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  3. […] See Janine’s Review at The Resident Judge of Port Phillip and my ANZ LitLovers review. […]

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  4. […] Lisa (ANZLitLovers) and Janine (Resident Judge of Port Philip) have also posted on this book. […]

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  5. I love the slightly different approaches you, Janine and I have take to this LITTLE book – but it does have BIG ideas resulting in so many different ways to talk about it. I could have written so much more, as I’m sure could you have.

    BTW the trouble with gender politics is that gender is still political (like most of the other identity issues we face). When you see for example what’s happening re abortion in the USA, you know that women can’t relax. It’s soul-destroying.

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    • You’re right, of course, women can’t relax, but it’s time to hand the baton on. I think the young women who inherited the freedoms we fought so hard for have taken them for granted, and it’s up to them now, to protect those reforms.
      America is a democracy, and in a democracy you can mobilise, you can persuade others to share your opinion, and you can get your candidates into congress and the state legislatures and get the legislation you want. American women have let this happen, and if it happens here it will be for the same reason.

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      • Hmmm … I think that whoever wants to work with the baton should do so! And probably the wider the range of people involve the more effective they can be? There are a lot of young women who are feminist – my daughter and some of her friends certainly are. They may not be out with banners but I know they are talking, reading, commenting, creating, voting, etc through the prism of feminist ideas.

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        • Maybe they are, and maybe they’re active. But there’s not enough of them, and they’re not powerful. And things will, as you fear, slide backwards as women have allowed them to in America, unless enough of them care enough to grab that baton.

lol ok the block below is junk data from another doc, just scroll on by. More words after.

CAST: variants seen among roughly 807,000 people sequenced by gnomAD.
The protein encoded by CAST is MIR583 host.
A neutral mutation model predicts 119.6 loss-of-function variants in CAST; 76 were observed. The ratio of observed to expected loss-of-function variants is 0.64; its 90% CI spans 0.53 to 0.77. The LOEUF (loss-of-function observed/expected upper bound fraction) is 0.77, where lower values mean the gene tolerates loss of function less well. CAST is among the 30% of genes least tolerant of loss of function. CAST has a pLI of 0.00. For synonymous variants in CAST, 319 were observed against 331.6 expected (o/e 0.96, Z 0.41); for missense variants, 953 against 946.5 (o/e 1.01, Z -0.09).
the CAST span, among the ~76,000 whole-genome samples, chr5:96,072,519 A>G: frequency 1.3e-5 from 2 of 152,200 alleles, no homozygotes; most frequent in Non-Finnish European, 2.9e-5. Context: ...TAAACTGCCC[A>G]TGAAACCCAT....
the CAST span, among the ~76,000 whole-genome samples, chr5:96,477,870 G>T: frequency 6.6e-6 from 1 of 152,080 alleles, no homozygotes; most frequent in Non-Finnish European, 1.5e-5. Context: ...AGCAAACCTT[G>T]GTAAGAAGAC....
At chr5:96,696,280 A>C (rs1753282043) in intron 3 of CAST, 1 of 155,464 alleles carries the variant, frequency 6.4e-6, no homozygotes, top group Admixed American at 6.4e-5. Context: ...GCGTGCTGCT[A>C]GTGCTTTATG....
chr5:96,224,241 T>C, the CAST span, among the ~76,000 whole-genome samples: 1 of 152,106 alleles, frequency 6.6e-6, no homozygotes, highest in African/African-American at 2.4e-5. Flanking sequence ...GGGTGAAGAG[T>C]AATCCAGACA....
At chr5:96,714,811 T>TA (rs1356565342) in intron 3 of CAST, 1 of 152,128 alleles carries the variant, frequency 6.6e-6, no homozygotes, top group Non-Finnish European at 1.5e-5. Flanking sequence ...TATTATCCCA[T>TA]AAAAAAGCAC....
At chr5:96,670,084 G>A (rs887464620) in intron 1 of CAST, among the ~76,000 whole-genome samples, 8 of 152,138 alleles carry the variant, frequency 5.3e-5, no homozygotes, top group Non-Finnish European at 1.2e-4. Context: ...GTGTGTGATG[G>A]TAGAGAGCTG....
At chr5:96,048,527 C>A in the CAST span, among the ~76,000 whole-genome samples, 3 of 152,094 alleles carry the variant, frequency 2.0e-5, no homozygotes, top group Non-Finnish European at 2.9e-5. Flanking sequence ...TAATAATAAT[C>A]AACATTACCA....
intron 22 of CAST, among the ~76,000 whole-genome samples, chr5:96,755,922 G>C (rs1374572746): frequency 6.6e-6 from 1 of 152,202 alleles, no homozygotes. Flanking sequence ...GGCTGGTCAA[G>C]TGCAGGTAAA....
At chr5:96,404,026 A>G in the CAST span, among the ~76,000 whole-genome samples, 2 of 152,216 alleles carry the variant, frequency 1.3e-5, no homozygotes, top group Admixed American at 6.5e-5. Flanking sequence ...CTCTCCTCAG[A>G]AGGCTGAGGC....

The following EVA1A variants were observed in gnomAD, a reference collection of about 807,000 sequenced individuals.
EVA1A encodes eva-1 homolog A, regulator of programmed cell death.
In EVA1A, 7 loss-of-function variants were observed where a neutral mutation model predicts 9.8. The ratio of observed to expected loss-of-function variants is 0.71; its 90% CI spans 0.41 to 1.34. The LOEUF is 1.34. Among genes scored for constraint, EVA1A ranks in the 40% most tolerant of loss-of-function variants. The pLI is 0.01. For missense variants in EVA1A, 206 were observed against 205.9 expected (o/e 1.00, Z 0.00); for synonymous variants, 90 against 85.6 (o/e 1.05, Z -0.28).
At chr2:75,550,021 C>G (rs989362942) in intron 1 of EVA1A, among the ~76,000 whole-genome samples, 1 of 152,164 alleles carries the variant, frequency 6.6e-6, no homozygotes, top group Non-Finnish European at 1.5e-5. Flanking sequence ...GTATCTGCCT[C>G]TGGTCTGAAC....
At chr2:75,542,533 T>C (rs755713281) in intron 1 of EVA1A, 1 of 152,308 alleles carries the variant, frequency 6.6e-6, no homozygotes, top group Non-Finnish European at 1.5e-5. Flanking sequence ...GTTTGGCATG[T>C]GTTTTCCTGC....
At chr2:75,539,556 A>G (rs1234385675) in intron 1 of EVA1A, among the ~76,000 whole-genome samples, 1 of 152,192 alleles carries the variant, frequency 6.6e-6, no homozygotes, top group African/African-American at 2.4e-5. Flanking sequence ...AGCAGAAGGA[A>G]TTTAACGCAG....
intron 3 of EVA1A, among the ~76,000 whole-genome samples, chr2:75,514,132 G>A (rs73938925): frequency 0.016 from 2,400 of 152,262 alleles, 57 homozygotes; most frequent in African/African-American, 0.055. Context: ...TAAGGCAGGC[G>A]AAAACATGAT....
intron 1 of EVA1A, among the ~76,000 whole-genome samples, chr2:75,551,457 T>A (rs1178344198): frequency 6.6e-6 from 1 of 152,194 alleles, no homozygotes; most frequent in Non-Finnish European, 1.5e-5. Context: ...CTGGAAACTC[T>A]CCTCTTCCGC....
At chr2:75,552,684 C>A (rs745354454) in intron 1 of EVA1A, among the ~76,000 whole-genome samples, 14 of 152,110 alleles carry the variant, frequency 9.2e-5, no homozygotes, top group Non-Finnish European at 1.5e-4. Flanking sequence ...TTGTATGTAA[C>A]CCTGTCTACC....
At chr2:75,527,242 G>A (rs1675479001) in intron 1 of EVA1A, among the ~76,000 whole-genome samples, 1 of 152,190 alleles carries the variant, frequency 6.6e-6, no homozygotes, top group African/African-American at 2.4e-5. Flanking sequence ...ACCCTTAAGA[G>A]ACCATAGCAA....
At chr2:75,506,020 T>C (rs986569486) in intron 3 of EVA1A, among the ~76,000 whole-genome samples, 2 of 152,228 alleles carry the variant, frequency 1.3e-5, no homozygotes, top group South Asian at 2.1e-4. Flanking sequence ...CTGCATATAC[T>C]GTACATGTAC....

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          • I guess I don’t want to get into blaming women for things slipping back? Why is it all on women to protect these rights – as if it’s not an issue for men too. (I know why, practically, of course, because in the end women carry the burden, but that’s not how it should be, and I therefore don’t want to blame them?)

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            • I’m not blaming them, but it’s not much use expecting anyone else to be *as* vigilant IMO.

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              • No it’s not much use I completely agree, Lisa, which is the basis of the problem really isn’t it … Our general lack of humanity and ability to see beyond labels – woman, man, black, white, Christian, Muslim, etc. The more all people “fight” for all people the better.

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  6. Lisa, I think ILW is great, but you have overwhelmed me with material! You’ve seen my argument (or prejudice!) about Stan Grant on WG so I won’t reprise it here, and will do my best to catch up while I have 2 or 3 days off. Interestingly, I didn’t do as much reading as I might have while stuck in Melb. Not just because I was visiting Mum, but because I get tense waiting for work and find it difficult to concentrate. That’s my excuse anyway.

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    • Sorry! It wasn’t intended to be that way, I chose six, one for each day, and then other books came my way. But do not worry, they will all be there together on the reviews page, biding their time.
      (But in the meantime, buy a copy of The Yield anyway. That is a must-read book!)